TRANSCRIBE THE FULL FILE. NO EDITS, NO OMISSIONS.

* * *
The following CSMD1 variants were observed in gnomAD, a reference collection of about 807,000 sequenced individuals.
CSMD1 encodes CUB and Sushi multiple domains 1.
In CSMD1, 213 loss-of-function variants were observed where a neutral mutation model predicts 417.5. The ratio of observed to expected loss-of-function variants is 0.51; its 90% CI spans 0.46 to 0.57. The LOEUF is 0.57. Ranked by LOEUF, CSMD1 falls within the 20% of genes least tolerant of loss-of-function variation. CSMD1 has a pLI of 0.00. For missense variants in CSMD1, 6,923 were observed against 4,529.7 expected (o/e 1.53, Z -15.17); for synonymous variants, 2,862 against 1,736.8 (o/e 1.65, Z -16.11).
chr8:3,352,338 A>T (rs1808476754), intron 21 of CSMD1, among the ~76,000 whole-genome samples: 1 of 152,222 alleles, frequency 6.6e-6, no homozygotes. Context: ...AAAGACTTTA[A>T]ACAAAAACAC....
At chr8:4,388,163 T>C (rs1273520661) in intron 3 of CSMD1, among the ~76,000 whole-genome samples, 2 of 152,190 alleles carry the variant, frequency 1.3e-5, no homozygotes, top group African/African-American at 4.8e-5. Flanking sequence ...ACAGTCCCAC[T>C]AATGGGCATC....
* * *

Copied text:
The following CSMD1 variants were observed in gnomAD, a reference collection of about 807,000 sequenced individuals.
CSMD1 encodes CUB and Sushi multiple domains 1.
In CSMD1, 213 loss-of-function variants were observed where a neutral mutation model predicts 417.5. The ratio of observed to expected loss-of-function variants is 0.51; its 90% CI spans 0.46 to 0.57. The LOEUF is 0.57. Ranked by LOEUF, CSMD1 falls within the 20% of genes least tolerant of loss-of-function variation. CSMD1 has a pLI of 0.00. For missense variants in CSMD1, 6,923 were observed against 4,529.7 expected (o/e 1.53, Z -15.17); for synonymous variants, 2,862 against 1,736.8 (o/e 1.65, Z -16.11).
chr8:3,352,338 A>T (rs1808476754), intron 21 of CSMD1, among the ~76,000 whole-genome samples: 1 of 152,222 alleles, frequency 6.6e-6, no homozygotes. Context: ...AAAGACTTTA[A>T]ACAAAAACAC....
At chr8:4,388,163 T>C (rs1273520661) in intron 3 of CSMD1, among the ~76,000 whole-genome samples, 2 of 152,190 alleles carry the variant, frequency 1.3e-5, no homozygotes, top group African/African-American at 4.8e-5. Flanking sequence ...ACAGTCCCAC[T>C]AATGGGCATC....